Investing Secrets of Wealthy Technology Entrepreneurs

I have the privilege of speaking to diverse groups of investors and investing professionals in the U.S. and Canada. I often find I learn more from them than they do from me. Recently, I had an epiphany I want to share you. It relates to the way entrepreneurs and employees of technology companies view investing.

I have spoken at the headquarters of both Google and Facebook. I recently addressed a group of investors in Ottawa and Montreal. While I was in Canada, I met with a small group of very successful technology executives. Here's what has become clear to me: Technology employees view investing very differently than other investors. Let me explain what I mean.

They aren't influenced by convention: They have seen their parents deal with brokers and advisors. They find nothing about it they want to replicate. The nature of those who enter the technology field is a desire to disrupt the status quo and not to blindly follow it. They view the fact that it has "always been done this way" as a challenge to find a better way. Fortunately, this is not difficult.

They're data driven: With degrees in engineering and computer science, technology executives have the ability to crunch and understand complex data. They use these skills when making investment decisions. They use their Internet savvy to research investment ideas and strategies. When I speak to them, they don't sit passively and take notes. They ask probing, data-driven questions indicating they've done their homework.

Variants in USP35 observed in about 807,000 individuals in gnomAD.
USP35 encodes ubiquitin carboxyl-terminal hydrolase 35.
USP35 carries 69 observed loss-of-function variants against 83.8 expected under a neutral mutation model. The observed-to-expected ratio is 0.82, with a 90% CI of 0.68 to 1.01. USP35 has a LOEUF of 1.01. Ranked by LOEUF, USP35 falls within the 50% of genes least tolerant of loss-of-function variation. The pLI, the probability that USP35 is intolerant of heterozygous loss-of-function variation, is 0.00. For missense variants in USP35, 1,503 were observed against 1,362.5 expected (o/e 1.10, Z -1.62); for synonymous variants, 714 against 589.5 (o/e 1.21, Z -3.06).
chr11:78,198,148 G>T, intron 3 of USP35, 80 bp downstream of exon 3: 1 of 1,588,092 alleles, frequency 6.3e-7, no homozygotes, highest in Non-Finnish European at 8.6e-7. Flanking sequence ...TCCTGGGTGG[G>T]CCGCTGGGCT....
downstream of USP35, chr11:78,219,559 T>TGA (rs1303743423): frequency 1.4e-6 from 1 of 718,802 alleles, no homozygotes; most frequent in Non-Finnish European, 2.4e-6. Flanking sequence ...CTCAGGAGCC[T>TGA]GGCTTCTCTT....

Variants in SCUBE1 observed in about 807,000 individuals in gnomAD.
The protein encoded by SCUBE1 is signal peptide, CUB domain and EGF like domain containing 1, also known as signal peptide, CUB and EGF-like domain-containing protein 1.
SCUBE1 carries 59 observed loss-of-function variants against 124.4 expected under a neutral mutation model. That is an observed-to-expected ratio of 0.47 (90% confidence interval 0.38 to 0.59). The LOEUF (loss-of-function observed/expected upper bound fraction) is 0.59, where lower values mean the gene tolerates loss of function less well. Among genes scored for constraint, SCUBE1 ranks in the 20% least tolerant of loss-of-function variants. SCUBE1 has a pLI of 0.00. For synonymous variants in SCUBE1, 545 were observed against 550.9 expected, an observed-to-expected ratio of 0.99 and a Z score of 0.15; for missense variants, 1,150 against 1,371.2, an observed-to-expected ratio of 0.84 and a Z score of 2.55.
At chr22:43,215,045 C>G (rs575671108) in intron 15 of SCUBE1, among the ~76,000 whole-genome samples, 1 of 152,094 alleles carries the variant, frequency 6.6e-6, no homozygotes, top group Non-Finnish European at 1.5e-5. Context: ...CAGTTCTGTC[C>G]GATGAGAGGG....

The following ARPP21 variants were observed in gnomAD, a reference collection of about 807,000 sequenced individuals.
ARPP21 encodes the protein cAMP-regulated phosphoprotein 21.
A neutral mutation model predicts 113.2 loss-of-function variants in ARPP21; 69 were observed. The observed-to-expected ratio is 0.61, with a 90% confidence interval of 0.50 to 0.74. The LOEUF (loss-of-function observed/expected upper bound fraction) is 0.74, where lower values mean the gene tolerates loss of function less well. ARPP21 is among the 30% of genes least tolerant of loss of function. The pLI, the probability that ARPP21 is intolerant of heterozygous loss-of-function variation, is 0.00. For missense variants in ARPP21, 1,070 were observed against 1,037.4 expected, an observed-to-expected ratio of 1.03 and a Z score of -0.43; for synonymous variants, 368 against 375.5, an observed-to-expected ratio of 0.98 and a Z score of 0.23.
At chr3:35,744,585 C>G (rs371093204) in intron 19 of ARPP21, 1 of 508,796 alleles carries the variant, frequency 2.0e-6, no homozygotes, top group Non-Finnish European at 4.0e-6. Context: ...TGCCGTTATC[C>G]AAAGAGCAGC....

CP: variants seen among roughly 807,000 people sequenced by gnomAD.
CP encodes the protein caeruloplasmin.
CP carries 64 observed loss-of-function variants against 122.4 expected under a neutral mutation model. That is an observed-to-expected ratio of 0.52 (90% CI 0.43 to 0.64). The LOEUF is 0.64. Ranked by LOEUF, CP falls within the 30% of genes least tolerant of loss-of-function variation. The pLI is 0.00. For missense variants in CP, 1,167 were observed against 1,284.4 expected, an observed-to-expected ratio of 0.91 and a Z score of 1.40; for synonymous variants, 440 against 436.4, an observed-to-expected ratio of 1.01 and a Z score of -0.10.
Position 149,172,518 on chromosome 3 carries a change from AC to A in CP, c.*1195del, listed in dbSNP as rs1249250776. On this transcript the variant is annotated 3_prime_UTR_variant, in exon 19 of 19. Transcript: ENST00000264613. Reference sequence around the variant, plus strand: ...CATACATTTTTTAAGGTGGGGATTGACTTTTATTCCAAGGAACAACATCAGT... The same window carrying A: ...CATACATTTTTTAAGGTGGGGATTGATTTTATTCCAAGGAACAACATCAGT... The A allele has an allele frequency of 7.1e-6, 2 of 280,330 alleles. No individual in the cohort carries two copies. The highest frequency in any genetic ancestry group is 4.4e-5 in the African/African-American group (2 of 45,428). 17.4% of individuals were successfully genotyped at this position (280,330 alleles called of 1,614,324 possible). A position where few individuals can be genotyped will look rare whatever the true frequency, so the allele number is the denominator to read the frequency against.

They focus on results, not relationships: I have had many technology executives tell me how the major brokerage firms solicit their business by appealing to their sense of elitism and asking them to defer to the expertise of the firm. They find this approach amusing and ineffective. "Affinity marketing" was (and is) very effective with their parents. It doesn't work with them.

They are smart and savvy: Complex investments like hedge funds and derivatives make no sense to them. They understand the motive of Wall Street to profit by selling products that have high commissions and are unlikely to "beat the market." They will pay a fee to an advisor who delivers value, but they want the value quantified. They challenge the premise of every claim of "superior performance" and insist on support they can independently validate. One member of this group told me a broker extolled the performance of a particular fund over the past year. He replied: "I thought past performance was not indicative of future results. Are you telling me it is?" He got the deer-in-the-headlights look in response.

It will come as no surprise that these technology entrepreneurs and employees are very receptive to evidence based investing. It meets all of their criteria. Every investor can learn from their experience.

Dan Solin is the director of investor advocacy for The BAM ALLIANCE and a wealth adviser with Buckingham Asset Management. He is a New York Times best-selling author of the Smartest series of books.

The views of the author are his alone and may not represent the views of his affiliated firms. Any data, information and content on this blog is for information purposes only and should not be construed as an offer of advisory services.